Institute for War and Peace Reporting | Giving Voice, Driving Change

Grandmothers Take on Care of AIDS Orphans

Ageing Zimbabweans being forced into surrogate motherhood by the pandemic.
By Chipo Sithole
Mbuya Motsi squints out at the drought-wasted landscape that has been home to her people for generations but now threatens to be their tomb.

The 60-year-old grandmother in Boli, near the farming town of Chiredzi, has lost her three daughters to AIDS, one in 2003, the other two in 2006, leaving her to bring up the six grandchildren they left in addition to the two daughters left by a son who died of AIDS in 2004.

In 2005, she buried another son, who left her with a grandson.

Knowing nothing about the disease and unable to afford antiretroviral drugs, she has since lost two of the children – boys aged six and nine – to AIDS. Today, she lives in a creaky two-roomed hut with the seven remaining children, all under ten years old, one of them ill with opportunistic infections compounded by poverty.

The children need to be fed and sent to school but Motsi's deceased sons and daughters left her with virtually nothing with which to bring up her grandchildren. She is only one of thousands of ageing Zimbabweans forced into surrogate motherhood by the AIDS pandemic, which is killing an estimated 3,000 people a week.

Some, according to aid workers, are caring for as many as 15 children in this, one of the African countries worst hit by the AIDS pandemic, which accounts for 70 per cent of hospital admissions. While the prevalence rate in adults has declined from a high of 18 per cent four years ago, it is still a frightening 15 per cent.

During the final stages of their illness, many return home to be cared for by their parents, bringing children, who remain with their grandparents after the parents die.

"Why should all this be happening to me?" asked Motsi. "I looked after my own children after the death of their father and I have never had any rest in my life. People of my age should be cared for by their children. I don't know why God is punishing me?"

Traditionally, Zimbabwean children have looked after their ageing parents, now, according to an aid worker with the United Nations World Food Programme, WFP, parents are far more likely to bury their children. "It’s grim," she added.

Motsi is one of many who only survive thanks to food distributed monthly by the WFP.

Down a muddy, winding road a stone's throw from Motsi's home, another grandmother, Bazaya, is caring for her three orphaned grandchildren – twins left by her daughter and son-in-law and a child left by her son, all three of the adults victims of AIDS-related illnesses.

In a country in which the average life expectancy has fallen to 36, Bazaya is an incredible 71 years old. She attributes her longevity to a traditional diet of maize, rappoko seed and beans, “not the foods you youths are eating these days”.

Despite the fact that she has lost all seven of her children and last saw her husband 20 years ago, she wears a constant smile and her wit inspires all who meet her. The three eight-year-olds who share her home laugh along with her. This family faces its daunting daily challenges with a positive spirit.

Grandmothers-as-mothers are only one of the consequences of the AIDS pandemic. Others are the 1.5-million orphans, the prevalence of child-headed households, and dying teachers.

UN children's agency, UNICEF, director Ann Veneman came face to face with some of these intractable problems on a recent mission to the country, where she visited a homecare HIV/AIDS programme in a suburb of the capital, Harare, and another programme that helps support more than 250,000 orphans and vulnerable children. UNICEF estimates that one in four children in the country – about 1.6-million – have lost one or both parents to AIDS.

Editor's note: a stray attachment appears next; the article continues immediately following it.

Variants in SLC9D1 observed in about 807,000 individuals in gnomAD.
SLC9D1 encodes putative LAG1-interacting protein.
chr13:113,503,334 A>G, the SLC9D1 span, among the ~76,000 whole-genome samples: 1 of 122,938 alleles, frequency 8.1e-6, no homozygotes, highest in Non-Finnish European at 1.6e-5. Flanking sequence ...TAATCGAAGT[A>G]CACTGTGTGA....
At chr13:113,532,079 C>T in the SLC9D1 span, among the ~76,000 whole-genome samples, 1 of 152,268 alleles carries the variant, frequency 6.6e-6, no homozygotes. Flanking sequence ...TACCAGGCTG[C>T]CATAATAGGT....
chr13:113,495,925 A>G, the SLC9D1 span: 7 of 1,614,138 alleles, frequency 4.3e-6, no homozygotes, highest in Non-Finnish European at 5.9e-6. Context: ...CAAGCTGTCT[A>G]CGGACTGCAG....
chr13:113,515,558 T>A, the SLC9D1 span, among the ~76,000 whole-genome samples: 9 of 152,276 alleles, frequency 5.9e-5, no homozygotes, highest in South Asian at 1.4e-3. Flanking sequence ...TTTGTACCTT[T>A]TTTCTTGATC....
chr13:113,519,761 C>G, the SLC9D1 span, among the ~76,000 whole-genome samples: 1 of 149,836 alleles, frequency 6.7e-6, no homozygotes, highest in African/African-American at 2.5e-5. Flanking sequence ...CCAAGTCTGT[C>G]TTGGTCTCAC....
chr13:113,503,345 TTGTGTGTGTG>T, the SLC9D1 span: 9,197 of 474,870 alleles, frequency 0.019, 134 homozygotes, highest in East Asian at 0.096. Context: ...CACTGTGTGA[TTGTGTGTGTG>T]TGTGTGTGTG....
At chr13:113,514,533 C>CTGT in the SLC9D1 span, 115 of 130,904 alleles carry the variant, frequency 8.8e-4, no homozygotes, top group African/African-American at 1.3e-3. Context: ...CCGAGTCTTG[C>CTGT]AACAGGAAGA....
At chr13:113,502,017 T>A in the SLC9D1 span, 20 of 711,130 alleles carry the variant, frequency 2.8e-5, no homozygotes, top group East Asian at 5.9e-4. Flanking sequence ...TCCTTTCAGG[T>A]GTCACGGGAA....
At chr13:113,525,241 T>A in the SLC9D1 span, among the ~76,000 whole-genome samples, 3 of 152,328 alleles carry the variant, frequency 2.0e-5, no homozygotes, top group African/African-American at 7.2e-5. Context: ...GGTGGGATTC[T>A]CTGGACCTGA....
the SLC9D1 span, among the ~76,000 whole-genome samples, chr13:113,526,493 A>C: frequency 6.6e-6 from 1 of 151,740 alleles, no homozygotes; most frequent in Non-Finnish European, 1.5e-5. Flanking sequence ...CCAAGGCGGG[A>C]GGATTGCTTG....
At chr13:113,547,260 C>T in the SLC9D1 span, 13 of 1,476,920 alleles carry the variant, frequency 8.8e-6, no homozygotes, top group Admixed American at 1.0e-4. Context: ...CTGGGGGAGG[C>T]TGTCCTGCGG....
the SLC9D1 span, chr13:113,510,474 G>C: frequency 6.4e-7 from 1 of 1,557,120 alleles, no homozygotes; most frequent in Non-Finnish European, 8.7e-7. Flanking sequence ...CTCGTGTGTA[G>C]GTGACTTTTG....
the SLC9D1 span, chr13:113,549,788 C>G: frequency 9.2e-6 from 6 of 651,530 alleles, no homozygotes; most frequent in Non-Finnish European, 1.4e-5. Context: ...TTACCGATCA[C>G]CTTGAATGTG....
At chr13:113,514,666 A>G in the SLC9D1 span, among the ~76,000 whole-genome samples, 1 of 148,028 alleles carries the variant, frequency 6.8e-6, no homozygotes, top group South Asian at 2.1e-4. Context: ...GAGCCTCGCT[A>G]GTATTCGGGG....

"I spoke to two young boys, one in seventh grade, one in fourth grade," said Veneman after her visit. "Mom had died last year of HIV. Dad has simply left. Suddenly, these three kids had to fend for themselves. Seventeen-year-old children should be having one kind of life and it usually doesn't imply being the head of a household."

Meanwhile, Zimbabwe's ongoing food crisis, which has left close to 5.5 million people in need of food aid, has exacerbated the impact of HIV/AIDS.

Food shortages rob those infected of one of the first defences against AIDS-related illnesses and early death – good nutrition.

In 2007, foreign donors gave Zimbabwe 70 million US dollars to help the impoverished country cope with the growing numbers of AIDS orphans and last week UNICEF announced a 5 million US dollar grant to help children access healthcare.

Households like those of Motsi, which have also lost their main breadwinner, are poorer and more vulnerable to starvation, with the responsibility for producing, transporting and marketing the family crop falling on shoulders growing increasingly frail.

"The lack of rain in this area has made the situation even worse," she said. "After harvesting I would normally sell part of my maize crop. But I only managed to get maize seed in December and that was too late, so there are no crops in my fields."

The result is that Motsi has been unable to pay her grandchildrens' fees at the nearby primary school for the past two terms.

This term the school is demanding payment in foreign currency, something of which she dare not even dream.

"They know that when I get the money I will pay, but at the moment, it is difficult to promise. I don't have the foreign currency they want," she said.

As she sees it, there is only one place to turn for help. "I hope that God will hear my prayers and give me more time to live and look after these innocent souls," she said, her voice wavering. "I don't want to think about what will happen to these children when I die."

Chipo Sithole is the pseudonym of an IWPR-trained journalist in Zimbabwe.

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